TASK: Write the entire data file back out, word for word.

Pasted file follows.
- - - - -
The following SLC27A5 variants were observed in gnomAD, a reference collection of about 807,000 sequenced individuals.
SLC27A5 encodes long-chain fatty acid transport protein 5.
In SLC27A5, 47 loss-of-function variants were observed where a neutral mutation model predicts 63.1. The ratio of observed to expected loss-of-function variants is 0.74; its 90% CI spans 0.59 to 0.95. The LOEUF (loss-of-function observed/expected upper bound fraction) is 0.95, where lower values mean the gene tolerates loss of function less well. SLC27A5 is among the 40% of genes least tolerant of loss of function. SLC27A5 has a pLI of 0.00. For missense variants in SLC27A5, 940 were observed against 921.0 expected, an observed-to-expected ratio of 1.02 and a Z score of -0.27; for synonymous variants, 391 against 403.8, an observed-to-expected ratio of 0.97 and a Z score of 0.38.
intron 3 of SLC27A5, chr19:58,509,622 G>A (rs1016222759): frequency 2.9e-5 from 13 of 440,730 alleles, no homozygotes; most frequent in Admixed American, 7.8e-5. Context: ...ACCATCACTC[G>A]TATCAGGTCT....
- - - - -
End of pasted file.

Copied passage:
The following SLC27A5 variants were observed in gnomAD, a reference collection of about 807,000 sequenced individuals.
SLC27A5 encodes long-chain fatty acid transport protein 5.
In SLC27A5, 47 loss-of-function variants were observed where a neutral mutation model predicts 63.1. The ratio of observed to expected loss-of-function variants is 0.74; its 90% CI spans 0.59 to 0.95. The LOEUF (loss-of-function observed/expected upper bound fraction) is 0.95, where lower values mean the gene tolerates loss of function less well. SLC27A5 is among the 40% of genes least tolerant of loss of function. SLC27A5 has a pLI of 0.00. For missense variants in SLC27A5, 940 were observed against 921.0 expected, an observed-to-expected ratio of 1.02 and a Z score of -0.27; for synonymous variants, 391 against 403.8, an observed-to-expected ratio of 0.97 and a Z score of 0.38.
intron 3 of SLC27A5, chr19:58,509,622 G>A (rs1016222759): frequency 2.9e-5 from 13 of 440,730 alleles, no homozygotes; most frequent in Admixed American, 7.8e-5. Context: ...ACCATCACTC[G>A]TATCAGGTCT....